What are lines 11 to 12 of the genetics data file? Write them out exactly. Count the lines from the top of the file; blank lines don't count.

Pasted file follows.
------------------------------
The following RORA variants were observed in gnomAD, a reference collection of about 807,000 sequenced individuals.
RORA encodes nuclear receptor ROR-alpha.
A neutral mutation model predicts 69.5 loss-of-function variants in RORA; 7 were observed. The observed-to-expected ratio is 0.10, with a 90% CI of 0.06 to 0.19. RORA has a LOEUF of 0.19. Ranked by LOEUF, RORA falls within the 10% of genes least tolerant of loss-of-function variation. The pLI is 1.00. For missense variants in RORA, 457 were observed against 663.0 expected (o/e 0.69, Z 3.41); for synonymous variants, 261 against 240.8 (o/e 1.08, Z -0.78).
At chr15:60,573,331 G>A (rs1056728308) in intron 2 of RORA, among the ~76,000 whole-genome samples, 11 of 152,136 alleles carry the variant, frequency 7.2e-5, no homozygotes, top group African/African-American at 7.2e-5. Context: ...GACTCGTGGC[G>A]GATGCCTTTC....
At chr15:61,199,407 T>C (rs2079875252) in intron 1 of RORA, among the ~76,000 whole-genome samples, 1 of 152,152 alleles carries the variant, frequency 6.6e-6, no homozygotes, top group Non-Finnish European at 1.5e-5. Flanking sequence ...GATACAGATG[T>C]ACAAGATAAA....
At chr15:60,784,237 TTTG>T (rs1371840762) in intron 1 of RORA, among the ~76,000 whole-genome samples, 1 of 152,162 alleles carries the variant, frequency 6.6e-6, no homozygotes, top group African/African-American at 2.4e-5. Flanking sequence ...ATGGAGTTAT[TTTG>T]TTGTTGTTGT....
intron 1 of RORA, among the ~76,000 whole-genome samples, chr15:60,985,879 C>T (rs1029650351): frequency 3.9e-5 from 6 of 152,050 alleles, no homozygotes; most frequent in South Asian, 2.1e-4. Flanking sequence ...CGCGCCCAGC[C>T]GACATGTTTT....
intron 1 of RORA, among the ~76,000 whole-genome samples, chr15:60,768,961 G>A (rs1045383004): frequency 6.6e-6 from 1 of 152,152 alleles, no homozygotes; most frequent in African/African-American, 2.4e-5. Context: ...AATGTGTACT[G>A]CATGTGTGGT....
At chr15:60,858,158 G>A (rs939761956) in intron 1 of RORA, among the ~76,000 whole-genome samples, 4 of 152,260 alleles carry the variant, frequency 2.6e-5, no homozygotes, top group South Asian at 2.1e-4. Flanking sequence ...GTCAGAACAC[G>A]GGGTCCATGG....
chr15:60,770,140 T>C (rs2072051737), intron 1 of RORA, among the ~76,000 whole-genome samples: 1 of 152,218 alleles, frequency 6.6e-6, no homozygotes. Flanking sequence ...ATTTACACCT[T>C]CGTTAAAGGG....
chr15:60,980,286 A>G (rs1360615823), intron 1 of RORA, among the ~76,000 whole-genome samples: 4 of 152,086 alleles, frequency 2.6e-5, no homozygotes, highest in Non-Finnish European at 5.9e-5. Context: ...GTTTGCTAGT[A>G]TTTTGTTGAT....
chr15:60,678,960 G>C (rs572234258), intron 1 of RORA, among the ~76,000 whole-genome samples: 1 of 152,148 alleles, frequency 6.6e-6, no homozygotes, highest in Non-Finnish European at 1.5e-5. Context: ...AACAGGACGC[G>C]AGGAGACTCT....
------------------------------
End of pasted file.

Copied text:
chr15:60,980,286 A>G (rs1360615823), intron 1 of RORA, among the ~76,000 whole-genome samples: 4 of 152,086 alleles, frequency 2.6e-5, no homozygotes, highest in Non-Finnish European at 5.9e-5. Context: ...GTTTGCTAGT[A>G]TTTTGTTGAT....
chr15:60,678,960 G>C (rs572234258), intron 1 of RORA, among the ~76,000 whole-genome samples: 1 of 152,148 alleles, frequency 6.6e-6, no homozygotes, highest in Non-Finnish European at 1.5e-5. Context: ...AACAGGACGC[G>C]AGGAGACTCT....